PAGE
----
Change, Politics

Nigeria and a Season of Tough Decisions

We start today with three strong assertions. First, “Nigeria is in a mess”. Secondly, “There is no Messiah to fix Nigeria”. Thirdly, “Nigeria can be fixed”. We would go further to amend the third to say, “Nigeria can be fixed with good leadership that can make politically-ruinous choices and citizens willing to allow the necessary compromises”. If you understand the import of those twenty words, we can continue the rest of this article.

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Change, Energy

Saudi Aramco Made $48 Billion in Three Months, So What?

You see a link to the same article in different unrelated WhatsApp groups and start wondering what the fuss is all about. In one group, it is infographics used to encode the same message, then in another group, someone drops a link to the article and asks what can be done for the Nigerian version to deliver massive petrodollars like its Arab egbon. As views begin to pour in, you decide to find time to craft a fluffy treatise for what is clearly a big deal.

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To Japa or Not to Japa

Life is a potpourri of numerous choices we make, of which some decisions are key because of their overreaching impact on how our lives shape up from that point. In today’s Nigeria, especially among people who fit certain criteria, one such decision is whether to leave Naija (“to japa”) or stay back within its territory. As social media continues to be regaled with a nouveau popular meme announcing a glassy welcome to a new dispensation, we may draw some wisdom from an adaptation of author Julie Kagawa’s writing that “there are no good choices …only those you can live with, and those you can work to change”.

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Change, Politics

A Nation in Need of Redemption

In November 2018, over 100 Nigerian soldiers were gruesomely slaughtered at a town called Metele by a contingent of Boko Haram terrorists. That sad event influenced an article in which I argued that losing that many soldiers in one sitting should mark a turning point in existing attempts to exterminate the murderous gang. But Metele was brushed aside and almost four years later, Nigeria continues to face existential threats to its continued existence and a loss of faith by citizens that the people who should know, know what they should know.

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Change, Politics

#EndSARS: 365 Days from October the Twentieth

French writer Jean-Baptiste Alphonse Karr declared in 1849 that “the more things change, the more they stay the same”. From a literal interpretation, if things that are changing end up being like the former state, how much more when no attempt is made at creating a change, or when such change, though promised, takes up residence in a large void filled with disclaimed promises. One year after the popular protests tagged #EndSARS, has anything really changed with Nigerian policing?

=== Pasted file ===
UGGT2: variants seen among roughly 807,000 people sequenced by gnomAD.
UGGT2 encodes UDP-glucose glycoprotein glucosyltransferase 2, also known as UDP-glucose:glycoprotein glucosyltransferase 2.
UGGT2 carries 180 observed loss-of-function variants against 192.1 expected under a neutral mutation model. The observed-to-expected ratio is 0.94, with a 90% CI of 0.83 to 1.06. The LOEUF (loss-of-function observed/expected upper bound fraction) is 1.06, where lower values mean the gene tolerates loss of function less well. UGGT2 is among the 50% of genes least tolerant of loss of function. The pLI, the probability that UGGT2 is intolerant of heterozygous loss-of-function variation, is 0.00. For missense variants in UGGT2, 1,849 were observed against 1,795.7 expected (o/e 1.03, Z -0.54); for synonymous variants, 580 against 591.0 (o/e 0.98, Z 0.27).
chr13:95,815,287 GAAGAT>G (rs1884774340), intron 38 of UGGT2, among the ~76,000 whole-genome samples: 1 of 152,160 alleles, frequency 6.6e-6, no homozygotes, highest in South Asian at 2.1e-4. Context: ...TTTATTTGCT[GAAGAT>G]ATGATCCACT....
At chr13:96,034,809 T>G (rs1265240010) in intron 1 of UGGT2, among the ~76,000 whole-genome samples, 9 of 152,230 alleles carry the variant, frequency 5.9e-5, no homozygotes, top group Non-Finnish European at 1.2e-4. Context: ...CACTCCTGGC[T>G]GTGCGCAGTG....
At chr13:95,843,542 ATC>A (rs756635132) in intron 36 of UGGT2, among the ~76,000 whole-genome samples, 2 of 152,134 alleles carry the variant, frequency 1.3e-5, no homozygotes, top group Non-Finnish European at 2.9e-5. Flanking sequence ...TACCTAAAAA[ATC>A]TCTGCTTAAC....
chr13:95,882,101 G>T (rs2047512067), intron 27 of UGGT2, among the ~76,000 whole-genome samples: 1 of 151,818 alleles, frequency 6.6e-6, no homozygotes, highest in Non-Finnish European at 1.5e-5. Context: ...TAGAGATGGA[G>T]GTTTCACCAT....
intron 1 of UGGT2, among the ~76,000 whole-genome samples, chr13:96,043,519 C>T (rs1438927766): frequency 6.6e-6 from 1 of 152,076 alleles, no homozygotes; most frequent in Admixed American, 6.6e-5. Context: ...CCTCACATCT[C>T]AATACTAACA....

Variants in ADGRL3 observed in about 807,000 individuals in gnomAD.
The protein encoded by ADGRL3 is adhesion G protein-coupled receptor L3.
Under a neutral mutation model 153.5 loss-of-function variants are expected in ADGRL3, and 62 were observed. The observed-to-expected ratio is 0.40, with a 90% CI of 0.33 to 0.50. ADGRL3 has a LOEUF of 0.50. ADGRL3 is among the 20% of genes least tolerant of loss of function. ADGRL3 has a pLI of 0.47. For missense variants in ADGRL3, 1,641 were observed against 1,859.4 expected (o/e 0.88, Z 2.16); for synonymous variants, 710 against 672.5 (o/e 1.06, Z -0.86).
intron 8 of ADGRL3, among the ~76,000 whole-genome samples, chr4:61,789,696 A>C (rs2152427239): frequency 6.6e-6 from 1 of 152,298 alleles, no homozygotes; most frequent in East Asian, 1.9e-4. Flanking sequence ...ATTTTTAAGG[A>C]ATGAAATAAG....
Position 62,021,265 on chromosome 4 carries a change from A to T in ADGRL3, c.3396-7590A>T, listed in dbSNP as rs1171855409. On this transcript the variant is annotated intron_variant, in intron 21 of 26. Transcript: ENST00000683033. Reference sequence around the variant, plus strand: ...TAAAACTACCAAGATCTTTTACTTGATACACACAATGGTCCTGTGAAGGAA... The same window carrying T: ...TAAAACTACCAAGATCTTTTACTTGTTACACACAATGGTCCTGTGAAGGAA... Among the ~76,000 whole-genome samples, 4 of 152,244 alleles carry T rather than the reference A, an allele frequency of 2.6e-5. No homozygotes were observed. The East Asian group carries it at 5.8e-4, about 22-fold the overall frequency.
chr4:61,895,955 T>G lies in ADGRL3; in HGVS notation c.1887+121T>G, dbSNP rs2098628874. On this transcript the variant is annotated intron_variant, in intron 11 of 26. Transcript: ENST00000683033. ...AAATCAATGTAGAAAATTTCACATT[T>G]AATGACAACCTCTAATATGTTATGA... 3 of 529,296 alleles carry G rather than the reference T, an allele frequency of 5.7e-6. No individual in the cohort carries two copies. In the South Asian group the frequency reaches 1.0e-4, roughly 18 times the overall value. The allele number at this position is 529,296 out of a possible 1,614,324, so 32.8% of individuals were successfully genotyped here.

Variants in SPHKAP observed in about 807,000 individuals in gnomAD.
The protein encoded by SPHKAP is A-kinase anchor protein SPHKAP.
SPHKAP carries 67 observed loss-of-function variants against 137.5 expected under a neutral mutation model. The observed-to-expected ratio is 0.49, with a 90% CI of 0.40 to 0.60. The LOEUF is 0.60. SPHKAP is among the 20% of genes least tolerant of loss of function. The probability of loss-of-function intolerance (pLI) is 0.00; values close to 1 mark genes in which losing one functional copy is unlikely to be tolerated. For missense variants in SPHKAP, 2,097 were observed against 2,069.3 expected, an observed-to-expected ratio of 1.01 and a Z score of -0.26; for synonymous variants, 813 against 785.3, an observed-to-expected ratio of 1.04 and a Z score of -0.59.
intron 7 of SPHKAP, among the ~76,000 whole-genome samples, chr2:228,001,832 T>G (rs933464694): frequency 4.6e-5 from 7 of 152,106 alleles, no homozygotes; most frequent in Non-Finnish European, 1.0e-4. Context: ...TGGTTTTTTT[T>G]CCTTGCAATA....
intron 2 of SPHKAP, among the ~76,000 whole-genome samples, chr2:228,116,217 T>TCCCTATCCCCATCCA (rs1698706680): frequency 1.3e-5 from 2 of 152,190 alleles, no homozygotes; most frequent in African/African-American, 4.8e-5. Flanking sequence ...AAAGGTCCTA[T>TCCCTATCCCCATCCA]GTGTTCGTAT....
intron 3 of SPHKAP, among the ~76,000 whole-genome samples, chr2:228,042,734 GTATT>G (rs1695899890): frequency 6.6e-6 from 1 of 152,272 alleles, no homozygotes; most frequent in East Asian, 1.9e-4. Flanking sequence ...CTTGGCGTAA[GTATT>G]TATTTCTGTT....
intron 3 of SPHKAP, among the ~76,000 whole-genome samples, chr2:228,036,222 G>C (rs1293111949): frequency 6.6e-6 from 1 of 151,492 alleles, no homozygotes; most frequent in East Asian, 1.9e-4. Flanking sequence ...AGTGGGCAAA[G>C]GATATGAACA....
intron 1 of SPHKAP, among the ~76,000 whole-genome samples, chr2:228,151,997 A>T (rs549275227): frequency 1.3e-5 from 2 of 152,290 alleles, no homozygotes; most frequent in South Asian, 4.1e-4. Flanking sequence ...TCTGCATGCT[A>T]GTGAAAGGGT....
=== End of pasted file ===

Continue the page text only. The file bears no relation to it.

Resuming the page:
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Of Biafra, IPOB and Diabolic Strategies

So, Jonah, what do you think about IPOB?” This question, posed by an Igbo friend, would lead to a discussion between myself, the questioner, and a second Igbo friend; none of us fans of IPOB, and has also triggered this article. In case you are uninitiated, IPOB stands for the Indigenous People of Biafra, an organisation that seeks the formation of a new country called Biafra, and that appears to assume that someone like me, a non-Igbo from Rivers State, is automatically and unquestionably a citizen of Biafra.

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Of Scams that Seek the Unemployed

I once read a tweet that angrily demanded that the worst spaces in hell be reserved for those who fart in airplanes at high altitudes. If someone could be so disgusted about a natural phenomenon, imagine the anger when you see people prey on persons seeking jobs to earn a living. In a country with high unemployment levels, many persons are desperately seeking employment opportunities. Sadly, many fall prey to crooks whose job is to scam the jobless. The scammed are even the fortunate ones; some applicants are robbed, beaten, raped, or even killed.

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Change, Energy

Download Petroleum Industry Act 2021 (OCR Version)

On Monday, 16 August 2021, President Muhammadu Buhari signed the Petroleum Industry Bill into law, potentially setting the stage for significant changes in the Nigerian oil and gas industry. I do not intend to provide any real commentary on the Act. I am merely providing a populace-friendly version of the Act that can be searched electronically.

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When Healthcare Is Not Healthy

Imagine being chased by a pissed-off grizzly bear and you run into a small cabin and shut the doors. You see a cute polar bear chilling in the cabin, and you feel all is well, but as exhaustion sends you sleeping, the polar bear pounces on you and tears you apart with the agility of a hunter; nothing else seeming amiss except for your warm blood splattered across its cute face. Now, that’s a really horrible nightmare to preface this article.

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Thou Shalt Not Undertake Research

As I picked up my laptop to draft this article, a thought crossed my mind whether the Nigerian antipathy to research and development is in obedience to some religious instruction, or if a fatwa had been declared on any government in Nigeria that dares pay any attention to funding and facilitating research efforts. This thought inspired the title as the best excuse I can conjure for what might be intellectual laziness on a national scale.

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